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Correct sentence structure

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Correct sentence structure

Postby Joementum » Sat Sep 11, 2004 4:46 pm

I am wondering how to place the sentence "fear the indifference of good men." I know its tacky, but a friend would like it. I have found that it may be "bonus lentitudo metuo" Does this sound correct, and if not please explain why and how to correct it. Thanks alot.

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Re: Correct sentence structure

Postby benissimus » Sat Sep 11, 2004 5:07 pm

Joementum wrote:I am wondering how to place the sentence "fear the indifference of good men." I know its tacky, but a friend would like it. I have found that it may be "bonus lentitudo metuo" Does this sound correct, and if not please explain why and how to correct it. Thanks alot.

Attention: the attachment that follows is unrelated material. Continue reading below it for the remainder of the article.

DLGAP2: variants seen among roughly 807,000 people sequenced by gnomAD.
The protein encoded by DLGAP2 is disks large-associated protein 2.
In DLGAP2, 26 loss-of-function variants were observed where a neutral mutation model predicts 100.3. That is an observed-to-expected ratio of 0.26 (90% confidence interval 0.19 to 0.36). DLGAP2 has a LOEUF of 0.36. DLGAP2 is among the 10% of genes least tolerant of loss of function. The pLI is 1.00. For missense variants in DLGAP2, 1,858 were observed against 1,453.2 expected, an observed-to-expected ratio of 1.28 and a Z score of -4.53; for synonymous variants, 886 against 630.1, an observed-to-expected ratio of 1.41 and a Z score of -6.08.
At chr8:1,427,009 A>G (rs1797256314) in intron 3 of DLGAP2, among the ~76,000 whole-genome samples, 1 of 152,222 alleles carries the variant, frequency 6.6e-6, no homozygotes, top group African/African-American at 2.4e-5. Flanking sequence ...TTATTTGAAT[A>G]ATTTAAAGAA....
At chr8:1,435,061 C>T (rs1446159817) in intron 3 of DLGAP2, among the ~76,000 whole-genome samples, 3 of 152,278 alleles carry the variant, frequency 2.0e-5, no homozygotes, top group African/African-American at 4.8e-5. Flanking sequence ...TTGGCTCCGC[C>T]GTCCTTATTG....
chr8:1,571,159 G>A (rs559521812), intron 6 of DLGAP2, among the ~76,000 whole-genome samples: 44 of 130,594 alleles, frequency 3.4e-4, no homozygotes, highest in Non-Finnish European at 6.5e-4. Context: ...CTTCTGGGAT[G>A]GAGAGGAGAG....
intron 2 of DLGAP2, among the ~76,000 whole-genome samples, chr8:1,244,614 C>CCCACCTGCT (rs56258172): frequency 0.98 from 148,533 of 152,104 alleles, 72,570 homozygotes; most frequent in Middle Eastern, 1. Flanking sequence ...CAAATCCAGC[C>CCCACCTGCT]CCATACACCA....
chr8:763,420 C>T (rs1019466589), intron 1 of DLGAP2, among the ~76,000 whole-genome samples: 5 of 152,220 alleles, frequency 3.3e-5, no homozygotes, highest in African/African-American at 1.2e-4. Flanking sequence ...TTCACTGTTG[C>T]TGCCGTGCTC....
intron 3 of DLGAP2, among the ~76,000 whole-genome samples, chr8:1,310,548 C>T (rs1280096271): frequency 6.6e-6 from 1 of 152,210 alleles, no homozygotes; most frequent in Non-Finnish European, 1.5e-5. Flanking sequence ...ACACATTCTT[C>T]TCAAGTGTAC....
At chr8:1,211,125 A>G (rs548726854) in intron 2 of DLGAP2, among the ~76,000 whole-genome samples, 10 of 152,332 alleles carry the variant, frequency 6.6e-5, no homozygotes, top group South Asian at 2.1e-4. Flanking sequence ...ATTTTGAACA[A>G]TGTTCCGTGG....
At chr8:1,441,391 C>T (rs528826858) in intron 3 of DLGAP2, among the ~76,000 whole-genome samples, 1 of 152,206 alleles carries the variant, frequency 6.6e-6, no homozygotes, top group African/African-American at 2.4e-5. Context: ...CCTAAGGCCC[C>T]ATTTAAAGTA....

Those words should do fine, but not in the forms you have them in. As it is, it makes little sense: it has two conflicting subjects and a verb that agrees with neither.

metuo means "I fear". To say "fear" as a command (imperative), you would use the form metue.

lentitudo could mean "indifference" or "apathy", as the subject of the sentence. You want it to be the object of the sentence (accusative): lentitudinem.

bonus means "good man". "Of good men" (genitive plural) would be bonorum.

All together:
metue lentitudinem bonorum

The words can go in pretty much any order in this case, though this is the most standard.
flebile nescio quid queritur lyra, flebile lingua murmurat exanimis, respondent flebile ripae
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